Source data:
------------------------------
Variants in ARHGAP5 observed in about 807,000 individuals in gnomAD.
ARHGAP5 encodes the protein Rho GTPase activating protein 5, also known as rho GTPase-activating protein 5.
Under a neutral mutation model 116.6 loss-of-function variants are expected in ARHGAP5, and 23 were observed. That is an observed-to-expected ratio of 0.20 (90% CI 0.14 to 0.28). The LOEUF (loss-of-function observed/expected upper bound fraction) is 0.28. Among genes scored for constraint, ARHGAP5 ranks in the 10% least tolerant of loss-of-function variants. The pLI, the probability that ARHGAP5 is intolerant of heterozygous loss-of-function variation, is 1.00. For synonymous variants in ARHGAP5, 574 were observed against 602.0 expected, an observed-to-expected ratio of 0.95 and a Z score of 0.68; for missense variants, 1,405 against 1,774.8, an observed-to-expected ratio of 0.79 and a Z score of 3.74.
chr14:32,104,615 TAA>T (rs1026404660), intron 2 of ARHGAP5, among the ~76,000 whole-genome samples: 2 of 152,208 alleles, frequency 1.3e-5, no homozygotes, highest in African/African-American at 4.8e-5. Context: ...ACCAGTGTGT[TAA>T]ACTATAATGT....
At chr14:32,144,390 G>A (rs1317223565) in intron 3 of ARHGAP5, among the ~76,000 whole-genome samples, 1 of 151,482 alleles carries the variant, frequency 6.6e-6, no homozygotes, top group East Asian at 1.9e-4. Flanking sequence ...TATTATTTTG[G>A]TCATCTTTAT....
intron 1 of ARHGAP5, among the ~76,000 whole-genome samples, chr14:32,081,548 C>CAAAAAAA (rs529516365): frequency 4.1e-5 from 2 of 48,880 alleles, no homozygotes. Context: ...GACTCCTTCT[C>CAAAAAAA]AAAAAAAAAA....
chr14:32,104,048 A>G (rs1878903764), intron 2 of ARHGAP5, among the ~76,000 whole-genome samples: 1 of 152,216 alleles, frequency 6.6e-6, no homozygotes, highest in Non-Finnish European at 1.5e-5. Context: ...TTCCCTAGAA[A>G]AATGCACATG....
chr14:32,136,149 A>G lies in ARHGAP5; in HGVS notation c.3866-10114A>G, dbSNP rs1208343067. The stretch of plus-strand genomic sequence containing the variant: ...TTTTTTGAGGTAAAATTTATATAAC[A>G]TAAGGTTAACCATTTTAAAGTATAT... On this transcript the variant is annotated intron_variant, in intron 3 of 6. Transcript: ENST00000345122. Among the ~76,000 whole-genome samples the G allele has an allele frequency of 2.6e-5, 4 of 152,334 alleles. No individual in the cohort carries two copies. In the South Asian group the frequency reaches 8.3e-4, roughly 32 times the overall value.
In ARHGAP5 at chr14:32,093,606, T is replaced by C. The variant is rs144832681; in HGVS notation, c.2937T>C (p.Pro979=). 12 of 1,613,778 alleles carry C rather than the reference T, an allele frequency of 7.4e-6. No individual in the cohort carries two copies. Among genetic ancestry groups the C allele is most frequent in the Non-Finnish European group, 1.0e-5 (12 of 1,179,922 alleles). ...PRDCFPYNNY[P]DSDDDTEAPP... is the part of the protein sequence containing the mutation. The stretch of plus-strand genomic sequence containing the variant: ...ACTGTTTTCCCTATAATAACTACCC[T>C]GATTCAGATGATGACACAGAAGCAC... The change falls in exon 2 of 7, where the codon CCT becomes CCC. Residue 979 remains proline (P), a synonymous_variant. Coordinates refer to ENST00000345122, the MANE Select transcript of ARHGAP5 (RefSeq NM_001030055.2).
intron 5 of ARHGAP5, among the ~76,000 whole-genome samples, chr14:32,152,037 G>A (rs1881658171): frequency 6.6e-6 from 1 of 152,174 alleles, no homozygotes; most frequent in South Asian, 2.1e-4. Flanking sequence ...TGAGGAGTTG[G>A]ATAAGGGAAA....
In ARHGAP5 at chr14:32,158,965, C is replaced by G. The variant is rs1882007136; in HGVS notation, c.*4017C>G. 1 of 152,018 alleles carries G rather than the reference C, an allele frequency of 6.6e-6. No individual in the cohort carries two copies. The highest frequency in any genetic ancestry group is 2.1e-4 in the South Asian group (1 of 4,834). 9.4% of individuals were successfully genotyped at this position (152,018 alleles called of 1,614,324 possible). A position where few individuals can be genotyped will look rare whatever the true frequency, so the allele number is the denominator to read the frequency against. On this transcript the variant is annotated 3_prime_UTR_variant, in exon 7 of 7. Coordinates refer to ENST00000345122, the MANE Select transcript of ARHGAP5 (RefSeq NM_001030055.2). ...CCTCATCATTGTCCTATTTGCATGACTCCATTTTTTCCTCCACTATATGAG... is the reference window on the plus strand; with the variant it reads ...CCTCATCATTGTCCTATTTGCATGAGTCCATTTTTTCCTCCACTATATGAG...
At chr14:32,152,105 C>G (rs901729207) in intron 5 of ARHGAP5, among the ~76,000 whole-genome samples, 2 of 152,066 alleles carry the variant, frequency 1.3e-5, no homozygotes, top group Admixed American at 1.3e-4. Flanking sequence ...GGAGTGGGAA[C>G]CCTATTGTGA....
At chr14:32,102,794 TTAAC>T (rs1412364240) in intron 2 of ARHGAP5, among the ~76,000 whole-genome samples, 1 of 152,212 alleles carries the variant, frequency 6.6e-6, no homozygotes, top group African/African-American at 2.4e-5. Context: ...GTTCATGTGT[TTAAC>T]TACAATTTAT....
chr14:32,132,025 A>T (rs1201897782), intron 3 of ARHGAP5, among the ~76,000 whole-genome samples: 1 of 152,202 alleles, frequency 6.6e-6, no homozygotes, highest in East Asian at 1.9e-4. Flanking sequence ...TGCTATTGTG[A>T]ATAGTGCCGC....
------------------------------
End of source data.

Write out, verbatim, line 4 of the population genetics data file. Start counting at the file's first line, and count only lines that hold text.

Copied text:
chr14:32,104,615 TAA>T (rs1026404660), intron 2 of ARHGAP5, among the ~76,000 whole-genome samples: 2 of 152,208 alleles, frequency 1.3e-5, no homozygotes, highest in African/African-American at 4.8e-5. Context: ...ACCAGTGTGT[TAA>T]ACTATAATGT....